State division is the process to determine the mapping from random variable to the state space. How to obtain state division is a crux for Markov model. Traditionally, it is performed by the state division approach described as follows. Let be the random sequence; let denote the state space; given if random variable , where , , then the variable belongs to the state , and the division of is usually uniform divided. However, the uniform divided method depends on the people’s experience, which will affect the prediction precise. In this research, the SOM neural network  is used to divide the state. The SOM can be created from highly deviating, nonlinear data. After the data are input, the SOM is trained iteratively.
In each training step, one sample vector from the input data set is chosen randomly, and the distance between it and all the weight vectors of the SOM, which are originally initialised randomly, is calculated using some distance measure. The best matching unit (BMU) is the map unit, whose weight vector is closest to . After the BMU is identified, the weight vectors of the BMU, as well as its topological neighbors, are updated so that they are moved closer to the input vector in the input space. The vectors are updated following the learning rule: where is the neighborhood function, which is monotonically decreasing with respect to the distance between the BMU and in the grid, and the training time is the learning rate; a decreasing function with .
At the end of the learning process, the weight vectors are grouped into clusters depending on their distance in the input space. Unlike networks based on supervised learning, which require that target values corresponding to input vectors are known, the SOM can be used to cluster data without knowing the class membership of the input data. This character is suitable for the problem of the prediction error of the SVM model which is not clear to us, so we should classify the error without prelearning, and therefore, the function of SOM method determined is an efficient and necessary method for clustering the state. Based on the clustering results, the state is divided into some districts.
3.4. Markov Prediction Model to Improve the Prediction Accuracy
Consider a stochastic process that takes on a finite or countable number of possible values. Unless otherwise mentioned, this set of possible values of the process will be denoted by the set of nonnegative integers . If , then the process is said to be in state at time . Suppose that whenever the process is in state ; there is a fixed probability that it will be next instating . That is for all states and all . Such a stochastic process is known as a Markov chain. Equation (24) can be interpreted as stating that for a Markov model, the conditional distribution of any state , given the past states and the present state , is independent of the past states and depends only on the present state. This is called the Markovian property. The value represents the probability that the process will, when in state , next make a transition into state . Since probabilities are nonnegative and since the process must make a transition into some state, we have that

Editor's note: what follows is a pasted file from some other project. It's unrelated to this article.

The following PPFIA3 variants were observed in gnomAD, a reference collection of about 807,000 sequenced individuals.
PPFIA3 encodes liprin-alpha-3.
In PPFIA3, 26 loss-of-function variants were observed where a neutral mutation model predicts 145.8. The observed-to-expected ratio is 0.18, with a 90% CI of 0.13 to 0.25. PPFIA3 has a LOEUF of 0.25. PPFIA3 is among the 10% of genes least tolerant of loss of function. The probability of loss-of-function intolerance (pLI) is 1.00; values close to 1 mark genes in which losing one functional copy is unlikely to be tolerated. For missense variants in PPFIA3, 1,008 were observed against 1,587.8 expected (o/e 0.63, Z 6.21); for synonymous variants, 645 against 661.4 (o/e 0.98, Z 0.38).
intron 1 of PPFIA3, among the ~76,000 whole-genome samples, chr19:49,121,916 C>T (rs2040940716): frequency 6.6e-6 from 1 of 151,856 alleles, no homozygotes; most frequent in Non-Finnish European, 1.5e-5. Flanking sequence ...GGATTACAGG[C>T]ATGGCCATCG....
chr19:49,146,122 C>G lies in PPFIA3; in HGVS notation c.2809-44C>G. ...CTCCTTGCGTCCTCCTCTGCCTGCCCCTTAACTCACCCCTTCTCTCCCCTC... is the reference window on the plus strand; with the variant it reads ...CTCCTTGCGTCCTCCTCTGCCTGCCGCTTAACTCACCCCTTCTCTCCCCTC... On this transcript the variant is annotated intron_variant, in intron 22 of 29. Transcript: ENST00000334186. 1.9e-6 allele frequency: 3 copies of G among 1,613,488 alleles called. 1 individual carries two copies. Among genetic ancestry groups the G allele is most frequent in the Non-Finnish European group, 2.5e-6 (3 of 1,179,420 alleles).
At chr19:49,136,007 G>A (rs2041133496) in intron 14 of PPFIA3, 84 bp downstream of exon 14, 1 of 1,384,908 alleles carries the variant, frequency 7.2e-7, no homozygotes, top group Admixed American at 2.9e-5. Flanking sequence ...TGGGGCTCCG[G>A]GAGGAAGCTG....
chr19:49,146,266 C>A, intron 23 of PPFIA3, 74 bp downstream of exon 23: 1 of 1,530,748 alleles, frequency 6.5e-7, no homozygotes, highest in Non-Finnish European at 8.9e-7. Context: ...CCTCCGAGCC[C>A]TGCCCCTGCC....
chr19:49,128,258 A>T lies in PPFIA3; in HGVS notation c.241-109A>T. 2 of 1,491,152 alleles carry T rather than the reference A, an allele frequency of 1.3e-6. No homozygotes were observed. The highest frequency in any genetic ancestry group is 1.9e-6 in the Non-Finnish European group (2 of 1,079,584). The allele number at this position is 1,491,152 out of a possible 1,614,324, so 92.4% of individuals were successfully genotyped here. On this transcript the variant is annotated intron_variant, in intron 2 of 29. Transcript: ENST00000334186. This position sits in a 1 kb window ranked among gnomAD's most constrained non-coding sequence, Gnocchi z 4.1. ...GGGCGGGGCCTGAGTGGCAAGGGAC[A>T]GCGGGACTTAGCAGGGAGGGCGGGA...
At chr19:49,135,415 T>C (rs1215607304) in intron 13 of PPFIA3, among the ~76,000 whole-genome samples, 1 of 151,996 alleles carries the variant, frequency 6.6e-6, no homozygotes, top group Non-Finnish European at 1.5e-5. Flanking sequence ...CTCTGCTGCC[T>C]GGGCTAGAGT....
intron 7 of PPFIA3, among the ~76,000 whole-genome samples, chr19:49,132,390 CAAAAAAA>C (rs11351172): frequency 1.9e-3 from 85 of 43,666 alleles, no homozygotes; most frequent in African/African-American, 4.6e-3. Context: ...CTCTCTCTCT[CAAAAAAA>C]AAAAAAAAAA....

If the process has a finite number of states, which means the state space , then the Markov chain model can be defined by the matrix of one-step transition probabilities, denoted as
The initial probability is computed by where denotes the transition times from state to state and denotes the number of random variables belonging to state .
Markov model adopts state vector and state transition matrix to deal with the prediction issue. Suppose that the state vector of moment is , the state vector of moment is , and the state transition matrix is ; then the relationship is
Update from 1 to , and then where is the state vector at moment . Equation (29) is the basic Markov prediction model, if the initial state vector and the transition matrix are given, which allows calculation of any possible future state vector.
4. Proposed Method
The flowchart of the proposed method is shown in Figure 1. The method consists of four procedures sequentially: data processing and features extraction, merge of the original features, constructing-training SVM model and predicting, and Markov model for improving the prediction result. The role of each procedure is explained as follows.
Step 1. Data processing and features extraction. The time domain and time-frequency domain signal processing methods are used to extract the original features from the collected mass vibration data.
Step 2. Merge of the original features. The LTSA method is used to extract the typical features and reduce the dimension of the features. The extracted features are used for training the SVM model.
Step 3. Constructing the SVM model. The SVM model is constructed; the CAO method is used to determine the embedding dimension. The iterated multistep prediction method is used to forecast the future value.
Step 4. Markov model for improving the prediction result. This procedure uses the SOM method to cluster the prediction error before the Markov method; based on the state division results the Markov model is used to improve the prediction results obtained by SVM model, to get a more precise prediction.
5. Validation and Application